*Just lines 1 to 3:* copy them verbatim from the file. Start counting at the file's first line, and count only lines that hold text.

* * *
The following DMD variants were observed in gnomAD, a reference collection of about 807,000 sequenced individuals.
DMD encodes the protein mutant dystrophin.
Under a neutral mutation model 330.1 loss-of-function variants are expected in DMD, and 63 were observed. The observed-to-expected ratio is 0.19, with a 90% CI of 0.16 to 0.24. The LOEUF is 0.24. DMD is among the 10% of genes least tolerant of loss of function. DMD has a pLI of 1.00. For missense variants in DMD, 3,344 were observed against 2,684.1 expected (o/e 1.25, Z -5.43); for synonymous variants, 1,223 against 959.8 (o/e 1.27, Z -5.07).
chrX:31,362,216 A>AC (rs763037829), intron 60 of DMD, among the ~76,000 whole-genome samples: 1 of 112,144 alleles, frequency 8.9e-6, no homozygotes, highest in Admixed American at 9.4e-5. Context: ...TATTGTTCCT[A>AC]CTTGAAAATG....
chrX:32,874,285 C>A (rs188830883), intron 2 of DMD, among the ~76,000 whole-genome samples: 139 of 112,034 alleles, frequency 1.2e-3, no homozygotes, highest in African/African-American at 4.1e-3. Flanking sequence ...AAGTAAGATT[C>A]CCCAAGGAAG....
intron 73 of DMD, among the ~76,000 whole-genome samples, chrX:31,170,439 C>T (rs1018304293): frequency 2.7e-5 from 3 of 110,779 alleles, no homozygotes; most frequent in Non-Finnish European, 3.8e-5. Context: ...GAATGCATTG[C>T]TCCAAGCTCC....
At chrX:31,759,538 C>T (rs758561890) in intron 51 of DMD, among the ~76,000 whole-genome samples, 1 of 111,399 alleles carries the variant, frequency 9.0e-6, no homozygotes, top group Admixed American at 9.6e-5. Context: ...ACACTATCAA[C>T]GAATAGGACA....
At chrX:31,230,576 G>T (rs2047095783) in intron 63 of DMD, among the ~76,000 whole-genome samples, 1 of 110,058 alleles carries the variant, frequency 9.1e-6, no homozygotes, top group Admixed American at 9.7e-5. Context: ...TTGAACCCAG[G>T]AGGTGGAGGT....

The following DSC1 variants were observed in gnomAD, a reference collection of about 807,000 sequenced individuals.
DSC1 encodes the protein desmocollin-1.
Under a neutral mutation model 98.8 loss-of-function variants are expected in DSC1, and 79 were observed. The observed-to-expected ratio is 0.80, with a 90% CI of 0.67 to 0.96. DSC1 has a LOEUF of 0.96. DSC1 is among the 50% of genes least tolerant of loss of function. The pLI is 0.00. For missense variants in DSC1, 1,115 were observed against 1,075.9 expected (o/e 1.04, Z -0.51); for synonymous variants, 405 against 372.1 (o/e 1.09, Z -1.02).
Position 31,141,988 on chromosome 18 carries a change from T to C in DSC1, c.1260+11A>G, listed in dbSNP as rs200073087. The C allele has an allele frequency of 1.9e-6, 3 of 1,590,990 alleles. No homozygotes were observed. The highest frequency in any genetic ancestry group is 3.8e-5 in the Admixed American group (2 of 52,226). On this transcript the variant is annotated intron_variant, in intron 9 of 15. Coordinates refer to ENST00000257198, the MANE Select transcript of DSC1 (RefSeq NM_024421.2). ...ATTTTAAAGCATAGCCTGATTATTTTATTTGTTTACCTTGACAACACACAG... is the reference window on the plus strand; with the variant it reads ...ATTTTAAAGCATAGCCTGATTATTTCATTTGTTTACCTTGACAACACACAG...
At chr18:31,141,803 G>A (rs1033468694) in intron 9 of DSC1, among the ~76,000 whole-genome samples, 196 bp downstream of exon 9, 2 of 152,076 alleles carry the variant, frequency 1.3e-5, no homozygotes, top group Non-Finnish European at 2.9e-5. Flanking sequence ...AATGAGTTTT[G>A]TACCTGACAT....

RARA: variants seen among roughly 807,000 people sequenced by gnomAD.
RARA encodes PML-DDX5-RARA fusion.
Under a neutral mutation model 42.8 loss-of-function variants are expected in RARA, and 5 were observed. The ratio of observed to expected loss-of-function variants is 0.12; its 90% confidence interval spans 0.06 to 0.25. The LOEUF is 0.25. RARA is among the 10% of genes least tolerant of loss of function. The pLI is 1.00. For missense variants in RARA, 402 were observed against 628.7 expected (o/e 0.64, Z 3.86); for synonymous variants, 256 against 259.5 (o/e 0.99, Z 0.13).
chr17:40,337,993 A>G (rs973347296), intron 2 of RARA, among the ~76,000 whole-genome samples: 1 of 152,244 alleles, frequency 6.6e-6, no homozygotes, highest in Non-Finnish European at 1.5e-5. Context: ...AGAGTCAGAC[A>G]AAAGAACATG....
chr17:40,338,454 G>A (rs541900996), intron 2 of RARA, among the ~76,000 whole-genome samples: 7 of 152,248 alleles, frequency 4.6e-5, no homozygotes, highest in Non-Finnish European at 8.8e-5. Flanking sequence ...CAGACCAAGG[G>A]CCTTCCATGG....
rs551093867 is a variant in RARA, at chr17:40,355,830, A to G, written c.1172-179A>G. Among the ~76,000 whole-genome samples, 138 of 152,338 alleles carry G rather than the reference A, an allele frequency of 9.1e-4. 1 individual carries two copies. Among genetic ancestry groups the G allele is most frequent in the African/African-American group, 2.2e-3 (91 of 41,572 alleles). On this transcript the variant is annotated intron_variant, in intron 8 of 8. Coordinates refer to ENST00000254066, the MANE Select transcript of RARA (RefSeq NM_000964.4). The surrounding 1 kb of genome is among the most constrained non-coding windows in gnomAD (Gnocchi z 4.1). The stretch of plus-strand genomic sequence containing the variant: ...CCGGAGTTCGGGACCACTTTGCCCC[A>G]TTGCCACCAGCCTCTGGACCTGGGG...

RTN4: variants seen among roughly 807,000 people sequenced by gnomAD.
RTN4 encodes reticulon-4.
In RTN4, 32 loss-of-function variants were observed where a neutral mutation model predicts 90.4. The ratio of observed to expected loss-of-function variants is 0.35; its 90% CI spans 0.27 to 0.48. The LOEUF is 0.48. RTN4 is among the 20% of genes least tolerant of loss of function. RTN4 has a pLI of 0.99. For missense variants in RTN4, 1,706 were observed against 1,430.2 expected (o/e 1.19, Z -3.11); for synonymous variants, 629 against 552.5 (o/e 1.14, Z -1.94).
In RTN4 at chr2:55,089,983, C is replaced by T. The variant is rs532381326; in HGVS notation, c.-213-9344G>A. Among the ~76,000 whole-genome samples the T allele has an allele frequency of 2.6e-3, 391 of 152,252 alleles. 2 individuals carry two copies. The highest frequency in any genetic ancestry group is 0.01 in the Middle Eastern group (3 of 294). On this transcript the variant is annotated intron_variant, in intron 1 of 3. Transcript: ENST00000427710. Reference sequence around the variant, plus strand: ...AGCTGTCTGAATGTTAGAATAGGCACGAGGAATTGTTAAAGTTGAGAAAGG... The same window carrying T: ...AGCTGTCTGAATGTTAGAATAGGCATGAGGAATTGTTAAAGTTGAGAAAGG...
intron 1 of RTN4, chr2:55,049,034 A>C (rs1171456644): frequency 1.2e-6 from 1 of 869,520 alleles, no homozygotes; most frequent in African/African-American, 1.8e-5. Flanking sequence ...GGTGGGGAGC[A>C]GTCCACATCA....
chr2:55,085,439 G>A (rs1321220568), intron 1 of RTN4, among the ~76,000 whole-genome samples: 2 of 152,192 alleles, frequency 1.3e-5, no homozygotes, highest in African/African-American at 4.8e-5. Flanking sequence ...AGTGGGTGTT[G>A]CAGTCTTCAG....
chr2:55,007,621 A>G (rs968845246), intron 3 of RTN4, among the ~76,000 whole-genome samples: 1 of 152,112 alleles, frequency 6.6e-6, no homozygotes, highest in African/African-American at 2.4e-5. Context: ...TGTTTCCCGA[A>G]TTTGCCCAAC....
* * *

The following DMD variants were observed in gnomAD, a reference collection of about 807,000 sequenced individuals.
DMD encodes the protein mutant dystrophin.
Under a neutral mutation model 330.1 loss-of-function variants are expected in DMD, and 63 were observed. The observed-to-expected ratio is 0.19, with a 90% CI of 0.16 to 0.24. The LOEUF is 0.24. DMD is among the 10% of genes least tolerant of loss of function. DMD has a pLI of 1.00. For missense variants in DMD, 3,344 were observed against 2,684.1 expected (o/e 1.25, Z -5.43); for synonymous variants, 1,223 against 959.8 (o/e 1.27, Z -5.07).